Saturday, July 25, 2015

A World's Fair and a Little Girl

"The Asiatic face, eight feet high towers over you as you enter the Man, his Planet and Space Section"

I've been anxiously checking the weather on my Samsung Note, hoping it isn't going to snow. (A real waste of my time.)

It is going to be warmish for the next week, getting up to 11 C.  With rain. Boo Hoo.

My weather app reveals that the average is around this time of year is around 6. It can get into the 20's and it's been as low as 12 below, a record set in 1967...

That explains why I have this memory of my grandmother (who visited us from Malaya for the first and only time) going out in her shoes and socks in a snow storm to get some booze at the Liquor Commission as it was called then.

The pound sterling collapsed about that time. I guess that might have had something to do with the urgency of the mission.

(I wrote about it in Looking for Mrs. Peel)

Anyway, 1967 was the year of Expo and I just dug out this magazine from under a table. A Star Weekly from February of that year showing us the wonderful things to come at Expo, opening in April. That would be the insert for the Montreal Star that is defunct.

(It was produced by Ron Butler.)

 Man the Creator. The art of Expo. That's a part I missed, being 12 no one thought to bring me to the exhibit. (And I didn't think to go myself, but I did go to Expo with my brothers, friends or sometimes alone.)

 A foetus in his mother's womb, from Sweden. Rare picture.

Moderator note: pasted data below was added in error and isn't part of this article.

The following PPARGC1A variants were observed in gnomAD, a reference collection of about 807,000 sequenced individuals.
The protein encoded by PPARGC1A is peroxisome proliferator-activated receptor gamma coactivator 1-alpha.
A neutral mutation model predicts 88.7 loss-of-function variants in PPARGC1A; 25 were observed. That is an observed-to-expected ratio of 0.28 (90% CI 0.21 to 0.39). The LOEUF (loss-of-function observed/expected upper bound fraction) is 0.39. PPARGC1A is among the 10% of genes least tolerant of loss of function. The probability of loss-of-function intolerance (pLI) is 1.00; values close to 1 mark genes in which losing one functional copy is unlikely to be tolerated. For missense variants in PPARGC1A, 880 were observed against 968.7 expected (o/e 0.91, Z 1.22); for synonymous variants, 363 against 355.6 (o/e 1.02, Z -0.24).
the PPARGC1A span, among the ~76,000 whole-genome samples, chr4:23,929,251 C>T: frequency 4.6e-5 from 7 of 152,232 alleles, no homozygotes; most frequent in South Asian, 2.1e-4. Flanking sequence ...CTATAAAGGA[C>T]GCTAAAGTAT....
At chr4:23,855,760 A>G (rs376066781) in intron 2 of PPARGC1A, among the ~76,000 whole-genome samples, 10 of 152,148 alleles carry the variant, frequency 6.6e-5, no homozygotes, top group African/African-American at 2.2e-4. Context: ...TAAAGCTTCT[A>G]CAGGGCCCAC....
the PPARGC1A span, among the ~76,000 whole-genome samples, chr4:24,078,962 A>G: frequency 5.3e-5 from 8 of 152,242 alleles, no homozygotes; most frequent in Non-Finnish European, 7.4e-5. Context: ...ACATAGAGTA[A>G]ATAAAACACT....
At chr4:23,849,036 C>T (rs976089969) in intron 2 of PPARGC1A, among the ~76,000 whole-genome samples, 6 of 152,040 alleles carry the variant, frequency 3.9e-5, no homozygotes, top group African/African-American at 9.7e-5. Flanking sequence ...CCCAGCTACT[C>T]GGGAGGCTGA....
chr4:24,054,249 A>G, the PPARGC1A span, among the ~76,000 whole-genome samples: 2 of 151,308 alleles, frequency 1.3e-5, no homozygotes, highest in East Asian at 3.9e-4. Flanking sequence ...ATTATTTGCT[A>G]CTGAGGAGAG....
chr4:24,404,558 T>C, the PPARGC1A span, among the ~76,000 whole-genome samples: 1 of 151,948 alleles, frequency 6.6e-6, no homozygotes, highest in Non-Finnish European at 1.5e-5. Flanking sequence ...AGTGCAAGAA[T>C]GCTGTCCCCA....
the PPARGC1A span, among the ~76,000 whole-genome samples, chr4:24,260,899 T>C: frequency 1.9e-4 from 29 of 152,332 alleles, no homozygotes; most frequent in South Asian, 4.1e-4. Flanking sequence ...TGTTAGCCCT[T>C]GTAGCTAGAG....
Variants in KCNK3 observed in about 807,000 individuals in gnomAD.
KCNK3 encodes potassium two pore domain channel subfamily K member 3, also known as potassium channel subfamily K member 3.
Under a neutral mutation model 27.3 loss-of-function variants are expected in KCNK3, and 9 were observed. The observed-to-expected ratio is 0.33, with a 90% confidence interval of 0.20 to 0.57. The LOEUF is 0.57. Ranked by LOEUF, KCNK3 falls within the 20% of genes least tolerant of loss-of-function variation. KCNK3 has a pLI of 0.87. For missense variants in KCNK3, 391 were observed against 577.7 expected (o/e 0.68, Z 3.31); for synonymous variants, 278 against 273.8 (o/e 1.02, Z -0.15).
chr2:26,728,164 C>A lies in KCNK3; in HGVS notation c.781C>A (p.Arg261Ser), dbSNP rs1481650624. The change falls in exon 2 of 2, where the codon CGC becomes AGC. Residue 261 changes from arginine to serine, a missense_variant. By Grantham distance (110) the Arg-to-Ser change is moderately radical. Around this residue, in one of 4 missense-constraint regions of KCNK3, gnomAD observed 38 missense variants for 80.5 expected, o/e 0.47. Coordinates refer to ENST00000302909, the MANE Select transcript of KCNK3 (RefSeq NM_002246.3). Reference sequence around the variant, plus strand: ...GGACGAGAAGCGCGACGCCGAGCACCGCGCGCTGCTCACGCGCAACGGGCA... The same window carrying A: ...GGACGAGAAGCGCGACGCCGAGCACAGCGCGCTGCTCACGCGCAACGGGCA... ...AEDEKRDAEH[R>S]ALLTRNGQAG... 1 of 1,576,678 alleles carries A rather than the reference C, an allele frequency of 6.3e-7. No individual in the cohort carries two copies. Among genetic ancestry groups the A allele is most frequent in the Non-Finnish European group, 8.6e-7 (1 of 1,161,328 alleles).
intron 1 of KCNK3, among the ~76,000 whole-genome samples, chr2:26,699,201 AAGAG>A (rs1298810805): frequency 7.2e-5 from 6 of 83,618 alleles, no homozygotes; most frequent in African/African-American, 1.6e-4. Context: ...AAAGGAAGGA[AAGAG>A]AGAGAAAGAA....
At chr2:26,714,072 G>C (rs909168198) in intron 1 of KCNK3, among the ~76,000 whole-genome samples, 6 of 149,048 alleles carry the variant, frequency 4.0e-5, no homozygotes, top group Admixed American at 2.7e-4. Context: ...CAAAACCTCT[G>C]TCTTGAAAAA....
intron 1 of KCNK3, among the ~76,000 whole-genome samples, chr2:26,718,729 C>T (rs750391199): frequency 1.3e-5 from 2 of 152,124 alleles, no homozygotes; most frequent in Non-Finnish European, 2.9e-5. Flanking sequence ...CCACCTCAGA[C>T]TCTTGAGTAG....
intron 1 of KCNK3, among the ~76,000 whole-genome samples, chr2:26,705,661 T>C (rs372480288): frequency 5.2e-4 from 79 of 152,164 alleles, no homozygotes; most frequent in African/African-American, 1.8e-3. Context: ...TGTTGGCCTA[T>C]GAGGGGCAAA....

Above, the Monster in the Gyrotron at the Fun Park, La Ronde. I only went there once because it cost money. And I bought no food either, below.. But otherwise 17.50 for a passport was all I needed to pay. I visited 50 times.
 Exotic foods at Expo. Sushi, samosas and tacos. (The Woman's Editor wrote this piece.)

 Man in Control Man out of Control. "Maze of signs shows man besieged by the information explosion"
Citerama. Op Art Pop Art. by Jacques Languirand who later taught me at McGill.

L'Ouragane (Hurricane?)  by Germaine Richier and a spaceman.

This magazine is a bit of a work of art itself.   At the time this magazine went to print Expo wasn't quite finished, so they couldn't show the site...

But the cover reveals a weird reality: despite the 'global celebration' that was Expo Montreal was a white bread world.

Here's my description of Expo in my play Looking for Mrs. Peel

Dorothy vo: So, I decide to ignore my grandmother, which is easy as
            it is Canada’s Centennial year and those magical Expo islands are
            only a short bus and metro ride away. (sx Mexican mariachi band.
            Israeli fiddle; Trinidad steel drums). Expo, with its exotic
            eye-candy architecture,is better than real life, anyway, a mind
            bending multi-national experience, McLuhan’s Global Village in giant
            size diorama. I lope miles over the macadam on my giant giraffe legs
            and queue for hours in line in the wilting humidity,(or biting wind
            or freezing drizzle, whatever the 6 month season serves up)to gawk
            at cultural signifiers like wallabies and totem poles and scorched
            space capsules and visit "the future" with its talking robots and
            video phones,and uncluttered modular dwelling places. At the
            International Broadcasting Center, around the corner from where my
            father works, I see how radio programs are produced (in tiny little
            rooms) and learn that it takes a mile of tape to make an hour of TV.

            When pooped out I visit the Australian Pavilion to sink my burning
            toes into the decadent deep wool carpet there, or I escape to the
            near people-free garden behind the American Pavilion to lie down in
            the prickly grass, by some mini waterfall, often the lone fleshly
            figure amid the park's many bizarre Cezanne-inspired sculptures.